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Teachable: Subscriptions Drive Retention by Controlling Content Flow

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As consumers manage their monthly subscriptions, making difficult decisions about which to keep and which to cut, Teachable has found that, by limiting how much content members have access to at a time, creators can maintain engagement over longer periods.

The courses and coaching platform recently announced the launch of Memberships, enabling creators to offer tiered subscriptions to generate recurring revenue. In an interview with PYMNTS, Luis Jimenez, the company’s director of product, commerce, argued that this kind of meting out of information can be key to the subscriber experience.

“In the past, what we’ve seen with other platforms’ subscriptions is, you pay a monthly payment, or whatever the cadence, and then you get [provided] all the information, all the courses, all the downloads,” Jimenez said. “With Memberships, we’ve given the creators the ability to structure it in a way that’s going to set up the student for success, so they’re not overwhelmed right away. They know where to start, they know how to progress, et cetera.”

Indeed, maintaining ongoing subscriber value is key right now, with consumers, facing financial challenges, being more conservative in their membership spending. According to PYMNTS Intelligence’s study “Subscription Commerce Readiness Report: The Loyalty Factor,” created in collaboration with and drawing from a survey of more than 2,000 U.S. consumers with retail product subscriptions, the average number of retail subscriptions per subscriber was down to 2.6 as of April, the lowest number on record since February 2021.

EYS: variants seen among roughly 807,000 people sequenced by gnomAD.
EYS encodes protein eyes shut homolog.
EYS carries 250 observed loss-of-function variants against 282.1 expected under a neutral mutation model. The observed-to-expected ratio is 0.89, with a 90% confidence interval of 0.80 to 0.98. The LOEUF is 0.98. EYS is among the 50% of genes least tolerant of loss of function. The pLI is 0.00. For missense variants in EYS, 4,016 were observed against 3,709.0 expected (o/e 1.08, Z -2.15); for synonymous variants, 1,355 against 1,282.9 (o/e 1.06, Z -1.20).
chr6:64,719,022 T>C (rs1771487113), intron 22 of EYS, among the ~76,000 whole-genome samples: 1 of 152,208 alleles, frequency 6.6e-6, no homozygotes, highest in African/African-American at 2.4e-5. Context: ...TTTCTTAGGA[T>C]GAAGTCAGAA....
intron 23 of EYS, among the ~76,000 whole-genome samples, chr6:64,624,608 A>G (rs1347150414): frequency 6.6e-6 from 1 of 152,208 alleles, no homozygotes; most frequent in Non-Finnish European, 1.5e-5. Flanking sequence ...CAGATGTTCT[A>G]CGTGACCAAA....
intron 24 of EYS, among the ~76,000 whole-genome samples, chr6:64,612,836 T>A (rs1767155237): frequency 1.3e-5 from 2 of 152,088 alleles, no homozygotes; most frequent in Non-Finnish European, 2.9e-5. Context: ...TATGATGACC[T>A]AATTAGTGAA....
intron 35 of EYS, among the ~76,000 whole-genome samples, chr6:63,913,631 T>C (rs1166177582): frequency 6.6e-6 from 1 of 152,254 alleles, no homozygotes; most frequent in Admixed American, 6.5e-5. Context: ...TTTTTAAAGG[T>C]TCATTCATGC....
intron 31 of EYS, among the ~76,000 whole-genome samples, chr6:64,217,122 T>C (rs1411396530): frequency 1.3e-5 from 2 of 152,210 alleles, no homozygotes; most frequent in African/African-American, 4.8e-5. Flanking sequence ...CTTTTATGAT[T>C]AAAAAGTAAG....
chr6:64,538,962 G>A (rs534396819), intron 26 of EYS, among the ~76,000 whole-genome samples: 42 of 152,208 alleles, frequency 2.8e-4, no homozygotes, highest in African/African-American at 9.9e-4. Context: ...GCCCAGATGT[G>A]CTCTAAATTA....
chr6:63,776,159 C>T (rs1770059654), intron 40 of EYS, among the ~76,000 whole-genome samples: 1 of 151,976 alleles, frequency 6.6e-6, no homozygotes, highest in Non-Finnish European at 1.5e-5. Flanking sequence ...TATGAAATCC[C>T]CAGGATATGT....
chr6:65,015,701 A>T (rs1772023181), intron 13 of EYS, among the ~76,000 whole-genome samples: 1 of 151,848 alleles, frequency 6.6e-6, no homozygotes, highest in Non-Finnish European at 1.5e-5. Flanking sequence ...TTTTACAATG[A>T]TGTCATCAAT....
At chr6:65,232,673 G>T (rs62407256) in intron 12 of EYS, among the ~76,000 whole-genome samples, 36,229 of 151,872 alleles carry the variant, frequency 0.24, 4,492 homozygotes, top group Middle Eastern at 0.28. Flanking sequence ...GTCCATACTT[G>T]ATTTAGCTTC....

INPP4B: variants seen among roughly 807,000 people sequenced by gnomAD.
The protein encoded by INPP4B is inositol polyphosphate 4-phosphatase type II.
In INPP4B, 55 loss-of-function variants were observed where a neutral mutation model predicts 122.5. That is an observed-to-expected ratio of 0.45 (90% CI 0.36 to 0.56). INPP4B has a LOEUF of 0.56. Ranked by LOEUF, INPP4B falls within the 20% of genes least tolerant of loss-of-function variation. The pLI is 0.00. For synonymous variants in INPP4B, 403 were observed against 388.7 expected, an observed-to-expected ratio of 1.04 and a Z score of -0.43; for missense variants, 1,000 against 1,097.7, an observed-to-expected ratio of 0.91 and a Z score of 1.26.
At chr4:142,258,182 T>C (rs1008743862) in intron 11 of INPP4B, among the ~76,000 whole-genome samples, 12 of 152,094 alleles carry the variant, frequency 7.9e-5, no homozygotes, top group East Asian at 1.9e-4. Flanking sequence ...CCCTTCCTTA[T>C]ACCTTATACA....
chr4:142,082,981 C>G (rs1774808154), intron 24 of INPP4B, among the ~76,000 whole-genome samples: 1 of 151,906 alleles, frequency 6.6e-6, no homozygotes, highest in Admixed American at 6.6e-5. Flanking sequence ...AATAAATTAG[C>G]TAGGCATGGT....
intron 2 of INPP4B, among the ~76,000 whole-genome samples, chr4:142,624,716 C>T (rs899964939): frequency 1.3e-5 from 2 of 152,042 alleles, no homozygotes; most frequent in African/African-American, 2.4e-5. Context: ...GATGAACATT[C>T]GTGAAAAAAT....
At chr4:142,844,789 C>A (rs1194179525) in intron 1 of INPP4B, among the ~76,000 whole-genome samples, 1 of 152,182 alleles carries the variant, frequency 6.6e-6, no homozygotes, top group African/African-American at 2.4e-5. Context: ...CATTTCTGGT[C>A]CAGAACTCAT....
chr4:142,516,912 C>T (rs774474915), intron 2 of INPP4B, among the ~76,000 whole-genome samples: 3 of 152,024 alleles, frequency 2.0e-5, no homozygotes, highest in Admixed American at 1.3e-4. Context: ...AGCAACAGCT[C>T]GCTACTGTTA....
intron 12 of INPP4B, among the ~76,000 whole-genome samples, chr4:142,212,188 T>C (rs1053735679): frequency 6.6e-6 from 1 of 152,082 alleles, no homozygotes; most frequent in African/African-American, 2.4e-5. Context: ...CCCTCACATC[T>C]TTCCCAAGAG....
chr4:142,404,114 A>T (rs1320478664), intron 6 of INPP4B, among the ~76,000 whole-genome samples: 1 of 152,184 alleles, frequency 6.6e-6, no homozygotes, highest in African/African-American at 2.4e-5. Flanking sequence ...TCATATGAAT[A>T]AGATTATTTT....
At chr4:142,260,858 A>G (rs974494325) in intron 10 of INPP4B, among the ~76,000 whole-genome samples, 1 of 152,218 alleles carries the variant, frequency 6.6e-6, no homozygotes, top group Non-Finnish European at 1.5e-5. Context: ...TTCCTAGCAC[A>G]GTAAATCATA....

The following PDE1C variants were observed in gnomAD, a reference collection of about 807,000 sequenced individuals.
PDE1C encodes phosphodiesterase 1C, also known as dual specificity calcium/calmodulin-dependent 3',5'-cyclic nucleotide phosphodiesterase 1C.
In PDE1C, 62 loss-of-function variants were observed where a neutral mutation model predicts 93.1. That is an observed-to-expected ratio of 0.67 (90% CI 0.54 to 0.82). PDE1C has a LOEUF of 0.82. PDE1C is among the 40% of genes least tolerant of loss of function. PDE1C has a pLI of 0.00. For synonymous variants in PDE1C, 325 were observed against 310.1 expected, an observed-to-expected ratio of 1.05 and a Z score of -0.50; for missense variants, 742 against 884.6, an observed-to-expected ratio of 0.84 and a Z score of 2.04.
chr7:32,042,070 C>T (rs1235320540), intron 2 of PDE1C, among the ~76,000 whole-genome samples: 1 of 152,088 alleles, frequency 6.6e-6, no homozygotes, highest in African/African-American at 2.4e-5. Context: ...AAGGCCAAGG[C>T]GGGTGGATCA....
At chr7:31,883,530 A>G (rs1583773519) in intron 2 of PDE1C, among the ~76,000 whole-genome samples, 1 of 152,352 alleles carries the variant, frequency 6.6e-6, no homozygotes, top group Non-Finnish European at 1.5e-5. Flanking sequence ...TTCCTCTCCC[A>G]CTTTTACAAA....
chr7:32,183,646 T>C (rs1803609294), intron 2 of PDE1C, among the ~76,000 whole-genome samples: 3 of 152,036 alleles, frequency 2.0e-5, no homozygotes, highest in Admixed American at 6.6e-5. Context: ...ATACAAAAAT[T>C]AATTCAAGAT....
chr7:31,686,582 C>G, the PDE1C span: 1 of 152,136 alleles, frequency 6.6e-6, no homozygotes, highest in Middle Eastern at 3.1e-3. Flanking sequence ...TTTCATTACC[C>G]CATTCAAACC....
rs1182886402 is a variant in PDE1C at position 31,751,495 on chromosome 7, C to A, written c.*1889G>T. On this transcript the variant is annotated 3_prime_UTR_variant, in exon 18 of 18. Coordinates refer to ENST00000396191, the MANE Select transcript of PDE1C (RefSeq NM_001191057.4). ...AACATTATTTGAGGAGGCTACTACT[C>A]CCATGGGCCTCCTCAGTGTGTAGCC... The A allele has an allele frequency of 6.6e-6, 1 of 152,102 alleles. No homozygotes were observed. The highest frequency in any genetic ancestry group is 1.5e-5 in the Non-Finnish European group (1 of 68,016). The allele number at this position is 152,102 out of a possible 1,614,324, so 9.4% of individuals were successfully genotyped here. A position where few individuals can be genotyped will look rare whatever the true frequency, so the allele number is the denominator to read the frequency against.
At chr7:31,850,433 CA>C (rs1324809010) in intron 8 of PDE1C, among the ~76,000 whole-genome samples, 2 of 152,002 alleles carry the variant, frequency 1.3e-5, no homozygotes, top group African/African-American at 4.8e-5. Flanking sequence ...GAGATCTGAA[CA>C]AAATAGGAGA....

For Teachable’s memberships, ability to control the flow of information also includes offering different content to different kinds of subscribers. Jimenez cited the example of an accent coach who offered different curricula to those trying to learn different accents.

Additionally, the company is broadening subscriptions’ reach by accepting a wide range of currencies as well as offering creators the option to price differently depending on currency.

In fact, engagement with digital offerings such as these varies greatly depending on the geography, as revealed in the PYMNTS Intelligence report “Global Edition The 2023 Global Digital Shopping Index,” created in collaboration with Cybersource, which draws from a survey of more than 13,000 consumers across six countries. For instance, the study found that 45% of those in India are “digital enthusiasts” — those most eager to adopt digital commerce features — compared to only 34% of those in the U.S.

Overall, Teachable has found that offering a wide range of payment options, not only in terms of currency but also in terms of how and when consumers in a given area want to pay, has gone a long way toward driving student adoption. Adding the option to pay in installments has increased engagement among those who are on tighter budgets.

“Buy now, pay later has been really effective in terms of getting people to purchase a course that may have been slightly out of their price range,” Jimenez said. “Giving them the flexibility to pay in a price point that they’re much more comfortable with has been really helpful for them in that regard, and we’re going to continue to invest in more payment methods to give them that flexibility.”